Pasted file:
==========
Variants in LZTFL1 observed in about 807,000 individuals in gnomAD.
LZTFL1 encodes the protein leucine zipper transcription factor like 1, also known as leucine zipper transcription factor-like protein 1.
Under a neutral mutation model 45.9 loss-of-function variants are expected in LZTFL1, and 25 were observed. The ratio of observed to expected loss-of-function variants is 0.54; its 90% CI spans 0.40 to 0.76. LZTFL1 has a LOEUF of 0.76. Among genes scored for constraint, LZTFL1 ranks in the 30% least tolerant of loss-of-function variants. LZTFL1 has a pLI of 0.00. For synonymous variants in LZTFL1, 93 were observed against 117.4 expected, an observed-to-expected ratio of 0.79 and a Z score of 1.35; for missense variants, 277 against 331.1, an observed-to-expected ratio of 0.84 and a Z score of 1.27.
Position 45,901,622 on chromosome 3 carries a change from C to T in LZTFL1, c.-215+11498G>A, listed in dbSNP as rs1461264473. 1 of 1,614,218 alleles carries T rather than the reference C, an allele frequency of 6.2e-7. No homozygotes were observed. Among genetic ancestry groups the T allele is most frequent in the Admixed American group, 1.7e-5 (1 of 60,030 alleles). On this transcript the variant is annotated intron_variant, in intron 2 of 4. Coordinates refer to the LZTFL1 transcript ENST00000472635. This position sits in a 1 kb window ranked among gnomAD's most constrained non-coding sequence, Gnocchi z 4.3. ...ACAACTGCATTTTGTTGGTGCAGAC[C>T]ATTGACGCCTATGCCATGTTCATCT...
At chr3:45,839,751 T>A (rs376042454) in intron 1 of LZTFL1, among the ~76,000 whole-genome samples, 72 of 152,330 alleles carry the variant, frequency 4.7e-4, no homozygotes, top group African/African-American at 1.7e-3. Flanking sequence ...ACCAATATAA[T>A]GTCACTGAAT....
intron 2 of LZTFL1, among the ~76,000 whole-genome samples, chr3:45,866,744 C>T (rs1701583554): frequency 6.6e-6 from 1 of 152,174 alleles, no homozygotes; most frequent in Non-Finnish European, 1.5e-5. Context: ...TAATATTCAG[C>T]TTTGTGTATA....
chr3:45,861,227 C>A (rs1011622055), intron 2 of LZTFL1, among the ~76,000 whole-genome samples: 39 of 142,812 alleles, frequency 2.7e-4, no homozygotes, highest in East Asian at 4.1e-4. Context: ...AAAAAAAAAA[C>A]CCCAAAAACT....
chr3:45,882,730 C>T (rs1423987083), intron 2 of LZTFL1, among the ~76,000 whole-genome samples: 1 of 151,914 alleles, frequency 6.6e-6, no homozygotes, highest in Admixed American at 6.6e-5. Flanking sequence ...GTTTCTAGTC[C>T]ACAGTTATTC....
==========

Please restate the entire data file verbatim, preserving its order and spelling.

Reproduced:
Variants in LZTFL1 observed in about 807,000 individuals in gnomAD.
LZTFL1 encodes the protein leucine zipper transcription factor like 1, also known as leucine zipper transcription factor-like protein 1.
Under a neutral mutation model 45.9 loss-of-function variants are expected in LZTFL1, and 25 were observed. The ratio of observed to expected loss-of-function variants is 0.54; its 90% CI spans 0.40 to 0.76. LZTFL1 has a LOEUF of 0.76. Among genes scored for constraint, LZTFL1 ranks in the 30% least tolerant of loss-of-function variants. LZTFL1 has a pLI of 0.00. For synonymous variants in LZTFL1, 93 were observed against 117.4 expected, an observed-to-expected ratio of 0.79 and a Z score of 1.35; for missense variants, 277 against 331.1, an observed-to-expected ratio of 0.84 and a Z score of 1.27.
Position 45,901,622 on chromosome 3 carries a change from C to T in LZTFL1, c.-215+11498G>A, listed in dbSNP as rs1461264473. 1 of 1,614,218 alleles carries T rather than the reference C, an allele frequency of 6.2e-7. No homozygotes were observed. Among genetic ancestry groups the T allele is most frequent in the Admixed American group, 1.7e-5 (1 of 60,030 alleles). On this transcript the variant is annotated intron_variant, in intron 2 of 4. Coordinates refer to the LZTFL1 transcript ENST00000472635. This position sits in a 1 kb window ranked among gnomAD's most constrained non-coding sequence, Gnocchi z 4.3. ...ACAACTGCATTTTGTTGGTGCAGAC[C>T]ATTGACGCCTATGCCATGTTCATCT...
At chr3:45,839,751 T>A (rs376042454) in intron 1 of LZTFL1, among the ~76,000 whole-genome samples, 72 of 152,330 alleles carry the variant, frequency 4.7e-4, no homozygotes, top group African/African-American at 1.7e-3. Flanking sequence ...ACCAATATAA[T>A]GTCACTGAAT....
intron 2 of LZTFL1, among the ~76,000 whole-genome samples, chr3:45,866,744 C>T (rs1701583554): frequency 6.6e-6 from 1 of 152,174 alleles, no homozygotes; most frequent in Non-Finnish European, 1.5e-5. Context: ...TAATATTCAG[C>T]TTTGTGTATA....
chr3:45,861,227 C>A (rs1011622055), intron 2 of LZTFL1, among the ~76,000 whole-genome samples: 39 of 142,812 alleles, frequency 2.7e-4, no homozygotes, highest in East Asian at 4.1e-4. Context: ...AAAAAAAAAA[C>A]CCCAAAAACT....
chr3:45,882,730 C>T (rs1423987083), intron 2 of LZTFL1, among the ~76,000 whole-genome samples: 1 of 151,914 alleles, frequency 6.6e-6, no homozygotes, highest in Admixed American at 6.6e-5. Flanking sequence ...GTTTCTAGTC[C>T]ACAGTTATTC....